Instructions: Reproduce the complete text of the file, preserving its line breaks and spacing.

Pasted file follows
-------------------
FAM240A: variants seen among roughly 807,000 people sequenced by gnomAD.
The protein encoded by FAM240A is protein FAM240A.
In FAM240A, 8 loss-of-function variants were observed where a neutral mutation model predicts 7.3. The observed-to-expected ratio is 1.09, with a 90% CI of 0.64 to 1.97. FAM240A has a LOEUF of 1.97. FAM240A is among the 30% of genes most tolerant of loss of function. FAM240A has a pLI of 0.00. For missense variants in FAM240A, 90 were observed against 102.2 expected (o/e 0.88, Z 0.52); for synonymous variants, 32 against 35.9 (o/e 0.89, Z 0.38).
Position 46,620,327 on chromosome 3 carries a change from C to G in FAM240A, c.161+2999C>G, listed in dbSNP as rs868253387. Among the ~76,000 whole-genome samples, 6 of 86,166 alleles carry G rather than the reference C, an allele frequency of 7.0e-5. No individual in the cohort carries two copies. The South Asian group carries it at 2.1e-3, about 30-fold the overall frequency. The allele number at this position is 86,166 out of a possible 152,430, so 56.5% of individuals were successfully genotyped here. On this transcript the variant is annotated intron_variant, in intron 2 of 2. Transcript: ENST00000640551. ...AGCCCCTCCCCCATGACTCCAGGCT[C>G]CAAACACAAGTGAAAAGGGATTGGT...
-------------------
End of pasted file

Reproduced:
FAM240A: variants seen among roughly 807,000 people sequenced by gnomAD.
The protein encoded by FAM240A is protein FAM240A.
In FAM240A, 8 loss-of-function variants were observed where a neutral mutation model predicts 7.3. The observed-to-expected ratio is 1.09, with a 90% CI of 0.64 to 1.97. FAM240A has a LOEUF of 1.97. FAM240A is among the 30% of genes most tolerant of loss of function. FAM240A has a pLI of 0.00. For missense variants in FAM240A, 90 were observed against 102.2 expected (o/e 0.88, Z 0.52); for synonymous variants, 32 against 35.9 (o/e 0.89, Z 0.38).
Position 46,620,327 on chromosome 3 carries a change from C to G in FAM240A, c.161+2999C>G, listed in dbSNP as rs868253387. Among the ~76,000 whole-genome samples, 6 of 86,166 alleles carry G rather than the reference C, an allele frequency of 7.0e-5. No individual in the cohort carries two copies. The South Asian group carries it at 2.1e-3, about 30-fold the overall frequency. The allele number at this position is 86,166 out of a possible 152,430, so 56.5% of individuals were successfully genotyped here. On this transcript the variant is annotated intron_variant, in intron 2 of 2. Transcript: ENST00000640551. ...AGCCCCTCCCCCATGACTCCAGGCT[C>G]CAAACACAAGTGAAAAGGGATTGGT...